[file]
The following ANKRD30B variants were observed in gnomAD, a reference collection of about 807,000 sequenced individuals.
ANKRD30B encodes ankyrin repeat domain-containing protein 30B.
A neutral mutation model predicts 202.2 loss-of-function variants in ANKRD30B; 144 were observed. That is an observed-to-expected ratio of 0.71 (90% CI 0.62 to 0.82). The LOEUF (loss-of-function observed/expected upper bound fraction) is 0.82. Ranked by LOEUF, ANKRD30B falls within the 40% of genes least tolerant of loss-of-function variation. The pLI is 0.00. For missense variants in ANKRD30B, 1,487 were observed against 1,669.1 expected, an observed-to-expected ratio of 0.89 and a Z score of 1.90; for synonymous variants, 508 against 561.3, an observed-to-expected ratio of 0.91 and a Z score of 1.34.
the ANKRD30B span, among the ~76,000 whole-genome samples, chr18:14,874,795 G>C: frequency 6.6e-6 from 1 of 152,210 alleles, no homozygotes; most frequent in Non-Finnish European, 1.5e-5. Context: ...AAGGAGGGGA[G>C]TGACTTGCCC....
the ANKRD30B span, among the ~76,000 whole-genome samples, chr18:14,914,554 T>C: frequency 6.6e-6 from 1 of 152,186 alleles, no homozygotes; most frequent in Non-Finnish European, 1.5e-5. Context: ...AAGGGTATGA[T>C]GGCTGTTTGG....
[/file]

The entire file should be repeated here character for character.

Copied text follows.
The following ANKRD30B variants were observed in gnomAD, a reference collection of about 807,000 sequenced individuals.
ANKRD30B encodes ankyrin repeat domain-containing protein 30B.
A neutral mutation model predicts 202.2 loss-of-function variants in ANKRD30B; 144 were observed. That is an observed-to-expected ratio of 0.71 (90% CI 0.62 to 0.82). The LOEUF (loss-of-function observed/expected upper bound fraction) is 0.82. Ranked by LOEUF, ANKRD30B falls within the 40% of genes least tolerant of loss-of-function variation. The pLI is 0.00. For missense variants in ANKRD30B, 1,487 were observed against 1,669.1 expected, an observed-to-expected ratio of 0.89 and a Z score of 1.90; for synonymous variants, 508 against 561.3, an observed-to-expected ratio of 0.91 and a Z score of 1.34.
the ANKRD30B span, among the ~76,000 whole-genome samples, chr18:14,874,795 G>C: frequency 6.6e-6 from 1 of 152,210 alleles, no homozygotes; most frequent in Non-Finnish European, 1.5e-5. Context: ...AAGGAGGGGA[G>C]TGACTTGCCC....
the ANKRD30B span, among the ~76,000 whole-genome samples, chr18:14,914,554 T>C: frequency 6.6e-6 from 1 of 152,186 alleles, no homozygotes; most frequent in Non-Finnish European, 1.5e-5. Context: ...AAGGGTATGA[T>C]GGCTGTTTGG....